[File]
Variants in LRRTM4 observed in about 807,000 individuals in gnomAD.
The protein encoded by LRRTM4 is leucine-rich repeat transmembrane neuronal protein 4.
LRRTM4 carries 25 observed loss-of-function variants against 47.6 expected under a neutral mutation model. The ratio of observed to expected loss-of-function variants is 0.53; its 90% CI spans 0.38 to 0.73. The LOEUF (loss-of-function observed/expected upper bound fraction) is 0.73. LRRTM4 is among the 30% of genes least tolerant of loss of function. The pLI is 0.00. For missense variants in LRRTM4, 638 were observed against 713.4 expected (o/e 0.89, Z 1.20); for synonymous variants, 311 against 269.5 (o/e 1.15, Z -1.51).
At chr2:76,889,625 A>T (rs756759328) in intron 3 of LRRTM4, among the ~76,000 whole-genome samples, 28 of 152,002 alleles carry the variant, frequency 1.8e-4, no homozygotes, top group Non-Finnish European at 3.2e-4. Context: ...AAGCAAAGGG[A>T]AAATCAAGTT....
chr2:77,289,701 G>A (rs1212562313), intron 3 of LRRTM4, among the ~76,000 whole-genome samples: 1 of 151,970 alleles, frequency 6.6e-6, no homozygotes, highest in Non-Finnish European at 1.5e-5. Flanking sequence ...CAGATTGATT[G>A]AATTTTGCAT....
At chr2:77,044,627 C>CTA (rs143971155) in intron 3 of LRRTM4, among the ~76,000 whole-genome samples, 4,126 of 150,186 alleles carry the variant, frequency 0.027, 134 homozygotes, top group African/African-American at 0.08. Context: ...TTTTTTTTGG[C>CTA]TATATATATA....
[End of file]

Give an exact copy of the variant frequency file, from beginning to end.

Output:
Variants in LRRTM4 observed in about 807,000 individuals in gnomAD.
The protein encoded by LRRTM4 is leucine-rich repeat transmembrane neuronal protein 4.
LRRTM4 carries 25 observed loss-of-function variants against 47.6 expected under a neutral mutation model. The ratio of observed to expected loss-of-function variants is 0.53; its 90% CI spans 0.38 to 0.73. The LOEUF (loss-of-function observed/expected upper bound fraction) is 0.73. LRRTM4 is among the 30% of genes least tolerant of loss of function. The pLI is 0.00. For missense variants in LRRTM4, 638 were observed against 713.4 expected (o/e 0.89, Z 1.20); for synonymous variants, 311 against 269.5 (o/e 1.15, Z -1.51).
At chr2:76,889,625 A>T (rs756759328) in intron 3 of LRRTM4, among the ~76,000 whole-genome samples, 28 of 152,002 alleles carry the variant, frequency 1.8e-4, no homozygotes, top group Non-Finnish European at 3.2e-4. Context: ...AAGCAAAGGG[A>T]AAATCAAGTT....
chr2:77,289,701 G>A (rs1212562313), intron 3 of LRRTM4, among the ~76,000 whole-genome samples: 1 of 151,970 alleles, frequency 6.6e-6, no homozygotes, highest in Non-Finnish European at 1.5e-5. Flanking sequence ...CAGATTGATT[G>A]AATTTTGCAT....
At chr2:77,044,627 C>CTA (rs143971155) in intron 3 of LRRTM4, among the ~76,000 whole-genome samples, 4,126 of 150,186 alleles carry the variant, frequency 0.027, 134 homozygotes, top group African/African-American at 0.08. Context: ...TTTTTTTTGG[C>CTA]TATATATATA....